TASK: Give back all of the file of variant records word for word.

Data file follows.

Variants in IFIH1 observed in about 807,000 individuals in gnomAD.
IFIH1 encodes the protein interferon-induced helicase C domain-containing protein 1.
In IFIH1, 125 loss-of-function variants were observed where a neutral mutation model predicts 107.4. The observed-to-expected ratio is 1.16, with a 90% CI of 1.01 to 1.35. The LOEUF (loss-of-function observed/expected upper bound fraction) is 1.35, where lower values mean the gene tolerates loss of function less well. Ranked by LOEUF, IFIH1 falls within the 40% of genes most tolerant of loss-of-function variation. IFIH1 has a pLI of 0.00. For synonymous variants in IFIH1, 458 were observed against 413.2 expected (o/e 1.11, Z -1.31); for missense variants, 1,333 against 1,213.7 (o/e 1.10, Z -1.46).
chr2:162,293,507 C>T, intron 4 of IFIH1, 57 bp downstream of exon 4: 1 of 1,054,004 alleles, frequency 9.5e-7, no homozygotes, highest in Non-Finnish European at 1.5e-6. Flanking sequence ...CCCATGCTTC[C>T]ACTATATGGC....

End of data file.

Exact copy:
Variants in IFIH1 observed in about 807,000 individuals in gnomAD.
IFIH1 encodes the protein interferon-induced helicase C domain-containing protein 1.
In IFIH1, 125 loss-of-function variants were observed where a neutral mutation model predicts 107.4. The observed-to-expected ratio is 1.16, with a 90% CI of 1.01 to 1.35. The LOEUF (loss-of-function observed/expected upper bound fraction) is 1.35, where lower values mean the gene tolerates loss of function less well. Ranked by LOEUF, IFIH1 falls within the 40% of genes most tolerant of loss-of-function variation. IFIH1 has a pLI of 0.00. For synonymous variants in IFIH1, 458 were observed against 413.2 expected (o/e 1.11, Z -1.31); for missense variants, 1,333 against 1,213.7 (o/e 1.10, Z -1.46).
chr2:162,293,507 C>T, intron 4 of IFIH1, 57 bp downstream of exon 4: 1 of 1,054,004 alleles, frequency 9.5e-7, no homozygotes, highest in Non-Finnish European at 1.5e-6. Flanking sequence ...CCCATGCTTC[C>T]ACTATATGGC....